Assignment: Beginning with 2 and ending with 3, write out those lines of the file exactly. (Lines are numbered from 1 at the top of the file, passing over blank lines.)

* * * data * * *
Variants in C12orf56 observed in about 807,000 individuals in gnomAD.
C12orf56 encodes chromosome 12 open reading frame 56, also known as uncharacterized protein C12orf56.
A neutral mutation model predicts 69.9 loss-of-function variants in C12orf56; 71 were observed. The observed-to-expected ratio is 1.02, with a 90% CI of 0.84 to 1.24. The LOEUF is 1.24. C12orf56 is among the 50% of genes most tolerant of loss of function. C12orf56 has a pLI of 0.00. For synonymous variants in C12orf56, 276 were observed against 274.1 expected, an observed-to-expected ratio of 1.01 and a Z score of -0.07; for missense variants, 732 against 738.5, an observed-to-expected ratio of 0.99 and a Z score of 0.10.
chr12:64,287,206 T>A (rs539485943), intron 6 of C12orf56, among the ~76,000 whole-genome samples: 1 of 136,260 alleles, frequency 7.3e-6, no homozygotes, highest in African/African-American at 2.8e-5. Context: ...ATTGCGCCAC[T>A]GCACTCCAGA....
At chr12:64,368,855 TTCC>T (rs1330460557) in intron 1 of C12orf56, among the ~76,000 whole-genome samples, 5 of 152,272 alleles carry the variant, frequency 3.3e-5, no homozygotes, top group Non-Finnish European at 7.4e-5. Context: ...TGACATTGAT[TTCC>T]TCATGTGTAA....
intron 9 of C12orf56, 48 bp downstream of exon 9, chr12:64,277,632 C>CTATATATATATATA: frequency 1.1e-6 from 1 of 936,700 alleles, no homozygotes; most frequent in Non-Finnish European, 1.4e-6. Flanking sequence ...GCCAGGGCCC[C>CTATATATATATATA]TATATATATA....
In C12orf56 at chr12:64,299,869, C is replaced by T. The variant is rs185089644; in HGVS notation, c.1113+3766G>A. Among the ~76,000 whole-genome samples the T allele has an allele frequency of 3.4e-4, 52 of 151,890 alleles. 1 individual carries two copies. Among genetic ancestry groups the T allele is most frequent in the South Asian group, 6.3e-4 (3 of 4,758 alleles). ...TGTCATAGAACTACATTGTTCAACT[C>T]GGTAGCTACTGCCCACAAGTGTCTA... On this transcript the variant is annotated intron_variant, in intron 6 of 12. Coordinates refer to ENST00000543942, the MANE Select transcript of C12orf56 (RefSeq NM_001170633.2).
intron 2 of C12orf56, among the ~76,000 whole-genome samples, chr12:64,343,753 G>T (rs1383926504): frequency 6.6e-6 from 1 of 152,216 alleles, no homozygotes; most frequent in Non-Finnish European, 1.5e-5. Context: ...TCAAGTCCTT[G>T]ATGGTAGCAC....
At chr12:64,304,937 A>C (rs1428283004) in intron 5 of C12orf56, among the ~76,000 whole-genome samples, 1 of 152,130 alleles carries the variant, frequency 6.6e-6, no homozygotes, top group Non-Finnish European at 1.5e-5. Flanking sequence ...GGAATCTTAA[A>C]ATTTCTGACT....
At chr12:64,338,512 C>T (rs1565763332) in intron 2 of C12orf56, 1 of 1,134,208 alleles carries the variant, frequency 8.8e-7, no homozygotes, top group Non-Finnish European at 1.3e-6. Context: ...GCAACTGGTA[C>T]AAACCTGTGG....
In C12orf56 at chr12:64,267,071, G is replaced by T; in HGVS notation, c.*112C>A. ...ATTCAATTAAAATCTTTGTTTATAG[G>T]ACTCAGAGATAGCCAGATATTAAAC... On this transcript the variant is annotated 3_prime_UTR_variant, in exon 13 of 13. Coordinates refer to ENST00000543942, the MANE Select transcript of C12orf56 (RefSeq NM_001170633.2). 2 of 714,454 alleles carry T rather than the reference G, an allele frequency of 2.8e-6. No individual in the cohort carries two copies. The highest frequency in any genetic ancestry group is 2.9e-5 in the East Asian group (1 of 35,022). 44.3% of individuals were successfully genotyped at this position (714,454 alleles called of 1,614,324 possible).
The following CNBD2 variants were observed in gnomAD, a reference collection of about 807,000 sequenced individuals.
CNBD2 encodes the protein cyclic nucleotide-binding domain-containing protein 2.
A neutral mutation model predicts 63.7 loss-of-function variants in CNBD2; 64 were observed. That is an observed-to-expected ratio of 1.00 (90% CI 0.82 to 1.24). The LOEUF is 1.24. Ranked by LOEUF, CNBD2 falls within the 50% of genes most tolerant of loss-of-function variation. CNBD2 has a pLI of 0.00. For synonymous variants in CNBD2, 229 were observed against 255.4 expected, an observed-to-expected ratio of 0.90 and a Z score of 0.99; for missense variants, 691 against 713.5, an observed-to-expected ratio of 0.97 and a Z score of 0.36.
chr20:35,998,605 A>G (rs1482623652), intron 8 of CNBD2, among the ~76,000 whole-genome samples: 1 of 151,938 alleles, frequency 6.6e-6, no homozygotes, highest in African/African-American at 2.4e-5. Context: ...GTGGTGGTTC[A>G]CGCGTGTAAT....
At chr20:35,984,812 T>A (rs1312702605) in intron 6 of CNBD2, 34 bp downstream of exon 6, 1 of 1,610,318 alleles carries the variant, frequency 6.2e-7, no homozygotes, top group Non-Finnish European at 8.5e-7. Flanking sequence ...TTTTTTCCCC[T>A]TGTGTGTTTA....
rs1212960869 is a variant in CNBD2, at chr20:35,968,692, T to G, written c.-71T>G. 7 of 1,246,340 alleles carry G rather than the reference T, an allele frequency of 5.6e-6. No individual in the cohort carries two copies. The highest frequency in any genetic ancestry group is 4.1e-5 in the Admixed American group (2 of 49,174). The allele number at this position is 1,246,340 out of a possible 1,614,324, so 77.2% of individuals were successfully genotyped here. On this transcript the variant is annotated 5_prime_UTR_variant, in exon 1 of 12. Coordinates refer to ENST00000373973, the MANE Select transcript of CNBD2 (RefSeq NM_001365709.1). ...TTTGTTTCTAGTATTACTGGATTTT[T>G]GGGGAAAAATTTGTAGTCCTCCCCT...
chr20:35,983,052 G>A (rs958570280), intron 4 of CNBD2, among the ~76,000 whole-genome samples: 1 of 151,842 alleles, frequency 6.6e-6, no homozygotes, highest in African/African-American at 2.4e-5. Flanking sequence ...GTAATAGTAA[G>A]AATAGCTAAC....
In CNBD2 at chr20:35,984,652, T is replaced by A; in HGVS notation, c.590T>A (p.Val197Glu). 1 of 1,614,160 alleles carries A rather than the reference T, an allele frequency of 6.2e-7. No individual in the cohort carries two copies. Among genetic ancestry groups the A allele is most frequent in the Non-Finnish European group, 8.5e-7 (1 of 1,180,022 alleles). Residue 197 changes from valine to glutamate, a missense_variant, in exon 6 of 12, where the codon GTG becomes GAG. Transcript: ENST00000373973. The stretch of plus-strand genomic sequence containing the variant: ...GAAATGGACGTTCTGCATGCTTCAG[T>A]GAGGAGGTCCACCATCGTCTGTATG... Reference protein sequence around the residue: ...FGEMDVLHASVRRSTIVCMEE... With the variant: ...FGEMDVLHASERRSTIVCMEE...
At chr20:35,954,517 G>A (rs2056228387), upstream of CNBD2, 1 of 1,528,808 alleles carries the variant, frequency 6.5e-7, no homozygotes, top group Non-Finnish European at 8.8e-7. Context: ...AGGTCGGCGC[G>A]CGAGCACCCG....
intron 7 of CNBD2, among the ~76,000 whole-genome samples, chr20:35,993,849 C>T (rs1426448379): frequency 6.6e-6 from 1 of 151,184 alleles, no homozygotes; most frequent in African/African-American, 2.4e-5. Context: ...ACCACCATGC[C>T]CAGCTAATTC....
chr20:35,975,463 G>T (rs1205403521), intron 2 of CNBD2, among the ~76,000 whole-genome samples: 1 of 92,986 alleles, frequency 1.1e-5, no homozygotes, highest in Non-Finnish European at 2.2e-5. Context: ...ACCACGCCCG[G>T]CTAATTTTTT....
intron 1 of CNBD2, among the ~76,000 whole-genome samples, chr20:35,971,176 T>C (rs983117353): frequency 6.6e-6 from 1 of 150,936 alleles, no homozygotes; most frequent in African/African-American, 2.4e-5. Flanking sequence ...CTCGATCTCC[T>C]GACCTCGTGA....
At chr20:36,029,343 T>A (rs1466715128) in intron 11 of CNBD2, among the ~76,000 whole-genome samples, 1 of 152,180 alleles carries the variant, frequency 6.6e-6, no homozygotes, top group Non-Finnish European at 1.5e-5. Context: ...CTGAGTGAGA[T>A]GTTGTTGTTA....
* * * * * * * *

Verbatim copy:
C12orf56 encodes chromosome 12 open reading frame 56, also known as uncharacterized protein C12orf56.
A neutral mutation model predicts 69.9 loss-of-function variants in C12orf56; 71 were observed. The observed-to-expected ratio is 1.02, with a 90% CI of 0.84 to 1.24. The LOEUF is 1.24. C12orf56 is among the 50% of genes most tolerant of loss of function. C12orf56 has a pLI of 0.00. For synonymous variants in C12orf56, 276 were observed against 274.1 expected, an observed-to-expected ratio of 1.01 and a Z score of -0.07; for missense variants, 732 against 738.5, an observed-to-expected ratio of 0.99 and a Z score of 0.10.